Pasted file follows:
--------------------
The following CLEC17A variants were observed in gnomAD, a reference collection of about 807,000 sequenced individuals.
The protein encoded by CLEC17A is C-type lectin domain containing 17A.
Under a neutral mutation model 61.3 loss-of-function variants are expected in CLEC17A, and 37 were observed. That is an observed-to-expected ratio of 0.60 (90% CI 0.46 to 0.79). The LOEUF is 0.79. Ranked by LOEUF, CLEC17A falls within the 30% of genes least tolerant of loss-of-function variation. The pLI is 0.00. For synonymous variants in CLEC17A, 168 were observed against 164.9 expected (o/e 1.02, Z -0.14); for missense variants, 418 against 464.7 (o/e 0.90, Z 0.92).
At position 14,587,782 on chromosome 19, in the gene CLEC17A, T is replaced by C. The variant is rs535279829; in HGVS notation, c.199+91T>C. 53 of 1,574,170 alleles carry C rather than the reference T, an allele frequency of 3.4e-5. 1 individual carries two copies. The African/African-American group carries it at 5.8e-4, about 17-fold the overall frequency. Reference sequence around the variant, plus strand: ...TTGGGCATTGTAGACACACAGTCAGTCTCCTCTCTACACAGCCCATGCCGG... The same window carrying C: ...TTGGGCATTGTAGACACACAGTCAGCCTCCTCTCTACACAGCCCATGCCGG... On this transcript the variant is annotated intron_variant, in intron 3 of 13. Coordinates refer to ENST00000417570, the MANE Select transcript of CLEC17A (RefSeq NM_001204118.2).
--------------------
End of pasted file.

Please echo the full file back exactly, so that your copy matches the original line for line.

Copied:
The following CLEC17A variants were observed in gnomAD, a reference collection of about 807,000 sequenced individuals.
The protein encoded by CLEC17A is C-type lectin domain containing 17A.
Under a neutral mutation model 61.3 loss-of-function variants are expected in CLEC17A, and 37 were observed. That is an observed-to-expected ratio of 0.60 (90% CI 0.46 to 0.79). The LOEUF is 0.79. Ranked by LOEUF, CLEC17A falls within the 30% of genes least tolerant of loss-of-function variation. The pLI is 0.00. For synonymous variants in CLEC17A, 168 were observed against 164.9 expected (o/e 1.02, Z -0.14); for missense variants, 418 against 464.7 (o/e 0.90, Z 0.92).
At position 14,587,782 on chromosome 19, in the gene CLEC17A, T is replaced by C. The variant is rs535279829; in HGVS notation, c.199+91T>C. 53 of 1,574,170 alleles carry C rather than the reference T, an allele frequency of 3.4e-5. 1 individual carries two copies. The African/African-American group carries it at 5.8e-4, about 17-fold the overall frequency. Reference sequence around the variant, plus strand: ...TTGGGCATTGTAGACACACAGTCAGTCTCCTCTCTACACAGCCCATGCCGG... The same window carrying C: ...TTGGGCATTGTAGACACACAGTCAGCCTCCTCTCTACACAGCCCATGCCGG... On this transcript the variant is annotated intron_variant, in intron 3 of 13. Coordinates refer to ENST00000417570, the MANE Select transcript of CLEC17A (RefSeq NM_001204118.2).